I was surprised with the lack of interest in this thread.. considering the unique opportunity there was at Siggy. Seeing NT reel, I can almost understand why. There seems to be alot of hard body and prop/set animation that LW is used for... what character stuff there is often uses moCap. While its great seeing weekly animation with the level of quality that LW can give it... its too bad that animation is going by the wayside in mainstream work in favor of "performance capture" . However, I can understand the economics. And the Thorton stuff looked great and really entertaining.

I think this is perhaps why I still prefer hand drawn anime... the interpretive quality of an artist's perception of motion. I'm not talking about visual FX animation.. which usually has to match live action... Just animationa s an artform.. even the stop motion stuff like The Corpse Bride...

Surrealist.
08-10-2005, 06:11 PM
Yea I hear ya. You bring up some great points. I have seen the type of animation that Tmothy Albee is capable of. He has some great samples of traditional animation techniques that come with his book. It shows how a traditional animation background - he worked at Disney - makes all the difference in animating in LW or any other package. I see a lot of 3D animation that is rather stiff - not just in LW. Too bad there is little interest in this.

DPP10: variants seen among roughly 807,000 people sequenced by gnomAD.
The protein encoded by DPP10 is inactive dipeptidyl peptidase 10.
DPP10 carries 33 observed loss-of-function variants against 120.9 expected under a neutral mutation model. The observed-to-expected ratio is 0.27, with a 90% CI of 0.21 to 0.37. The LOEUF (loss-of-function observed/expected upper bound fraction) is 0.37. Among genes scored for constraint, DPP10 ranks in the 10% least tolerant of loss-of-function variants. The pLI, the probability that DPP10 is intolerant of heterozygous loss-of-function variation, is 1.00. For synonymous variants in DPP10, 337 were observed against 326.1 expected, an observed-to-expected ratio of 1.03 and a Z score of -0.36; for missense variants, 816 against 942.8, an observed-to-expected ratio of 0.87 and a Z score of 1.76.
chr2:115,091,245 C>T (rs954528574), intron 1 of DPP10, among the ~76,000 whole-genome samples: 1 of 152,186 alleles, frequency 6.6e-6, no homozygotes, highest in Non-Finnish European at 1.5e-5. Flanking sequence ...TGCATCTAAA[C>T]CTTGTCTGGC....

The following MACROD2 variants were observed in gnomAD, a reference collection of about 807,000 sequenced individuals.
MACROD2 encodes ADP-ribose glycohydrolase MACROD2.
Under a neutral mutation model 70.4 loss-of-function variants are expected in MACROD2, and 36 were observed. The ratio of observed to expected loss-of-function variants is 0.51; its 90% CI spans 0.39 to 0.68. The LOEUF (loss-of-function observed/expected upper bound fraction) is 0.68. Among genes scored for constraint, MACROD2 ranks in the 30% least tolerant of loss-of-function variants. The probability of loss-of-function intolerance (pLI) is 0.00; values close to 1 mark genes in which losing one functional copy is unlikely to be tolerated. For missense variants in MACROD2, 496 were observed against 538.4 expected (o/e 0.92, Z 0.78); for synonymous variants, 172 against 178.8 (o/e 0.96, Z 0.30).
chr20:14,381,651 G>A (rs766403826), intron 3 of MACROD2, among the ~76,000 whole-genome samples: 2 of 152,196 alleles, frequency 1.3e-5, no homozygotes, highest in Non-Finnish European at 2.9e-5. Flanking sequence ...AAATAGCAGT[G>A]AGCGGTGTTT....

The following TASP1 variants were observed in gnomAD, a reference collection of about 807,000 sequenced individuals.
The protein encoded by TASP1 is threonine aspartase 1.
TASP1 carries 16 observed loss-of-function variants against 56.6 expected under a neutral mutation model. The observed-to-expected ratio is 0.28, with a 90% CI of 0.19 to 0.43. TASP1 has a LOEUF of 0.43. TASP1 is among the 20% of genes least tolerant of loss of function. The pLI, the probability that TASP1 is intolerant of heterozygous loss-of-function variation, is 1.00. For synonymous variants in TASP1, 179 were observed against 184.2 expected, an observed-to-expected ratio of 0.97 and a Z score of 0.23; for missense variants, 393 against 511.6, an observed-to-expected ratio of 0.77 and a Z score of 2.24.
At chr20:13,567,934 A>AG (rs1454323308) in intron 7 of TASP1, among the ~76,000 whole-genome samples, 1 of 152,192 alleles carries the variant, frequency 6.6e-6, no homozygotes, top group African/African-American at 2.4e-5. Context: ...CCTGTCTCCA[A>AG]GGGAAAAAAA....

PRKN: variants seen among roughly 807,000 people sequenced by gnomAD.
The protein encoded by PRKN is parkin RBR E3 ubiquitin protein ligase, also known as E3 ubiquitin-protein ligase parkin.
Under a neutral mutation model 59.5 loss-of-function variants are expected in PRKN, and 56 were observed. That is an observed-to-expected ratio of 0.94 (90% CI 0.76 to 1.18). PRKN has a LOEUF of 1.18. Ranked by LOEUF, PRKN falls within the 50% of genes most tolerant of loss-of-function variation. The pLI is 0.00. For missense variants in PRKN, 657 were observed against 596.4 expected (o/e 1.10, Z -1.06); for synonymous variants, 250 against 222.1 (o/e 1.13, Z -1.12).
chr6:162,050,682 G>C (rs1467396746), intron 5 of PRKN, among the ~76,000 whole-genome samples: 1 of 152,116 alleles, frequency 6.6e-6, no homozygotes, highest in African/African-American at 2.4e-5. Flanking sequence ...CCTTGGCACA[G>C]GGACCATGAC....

Thanks for the link. :)

Celshader
08-13-2005, 02:03 AM
I was surprised with the lack of interest in this thread.. considering the unique opportunity there was at Siggy.

I'm still grieving over the end of hand-drawn feature animation (http://www.opinionjournal.com/la/?id=110007081) at Disney. That, more than anything else, was a style "unique to Disney" for decades. No anime, not even the purest magic of Studio Ghibli, could match Disney for hand-drawn character animation. Performances aside, it's tough just finding an anime with genuine lip-synch to the original vocal tracks!

I did see Disney's booth at SIGGRAPH. The Toy Story 3 Rubik's cubes didn't seem like the best way for Disney to restore relations with Pixar, but everything else looked lovely. Chris Sanders' American Dog looks drop-dead gorgeous; the character animation of Wilbur Robinson knocked my socks off.